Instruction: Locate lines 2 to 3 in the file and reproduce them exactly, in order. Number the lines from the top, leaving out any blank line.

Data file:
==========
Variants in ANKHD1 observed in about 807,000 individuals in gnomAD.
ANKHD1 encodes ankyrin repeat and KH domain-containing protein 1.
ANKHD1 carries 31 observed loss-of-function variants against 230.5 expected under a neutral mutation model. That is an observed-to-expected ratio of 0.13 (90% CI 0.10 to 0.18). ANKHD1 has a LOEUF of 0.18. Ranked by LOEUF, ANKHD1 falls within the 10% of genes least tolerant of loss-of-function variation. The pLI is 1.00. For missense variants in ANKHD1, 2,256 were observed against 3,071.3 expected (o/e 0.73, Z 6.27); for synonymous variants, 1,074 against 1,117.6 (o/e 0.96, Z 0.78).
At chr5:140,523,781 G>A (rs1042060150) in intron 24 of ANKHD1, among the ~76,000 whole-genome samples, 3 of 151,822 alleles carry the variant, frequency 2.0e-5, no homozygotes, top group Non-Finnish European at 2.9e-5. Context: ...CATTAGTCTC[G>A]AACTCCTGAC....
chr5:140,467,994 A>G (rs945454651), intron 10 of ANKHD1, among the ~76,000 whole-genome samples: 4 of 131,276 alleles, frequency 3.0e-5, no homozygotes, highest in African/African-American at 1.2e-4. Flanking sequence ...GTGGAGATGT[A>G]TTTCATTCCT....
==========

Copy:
ANKHD1 encodes ankyrin repeat and KH domain-containing protein 1.
ANKHD1 carries 31 observed loss-of-function variants against 230.5 expected under a neutral mutation model. That is an observed-to-expected ratio of 0.13 (90% CI 0.10 to 0.18). ANKHD1 has a LOEUF of 0.18. Ranked by LOEUF, ANKHD1 falls within the 10% of genes least tolerant of loss-of-function variation. The pLI is 1.00. For missense variants in ANKHD1, 2,256 were observed against 3,071.3 expected (o/e 0.73, Z 6.27); for synonymous variants, 1,074 against 1,117.6 (o/e 0.96, Z 0.78).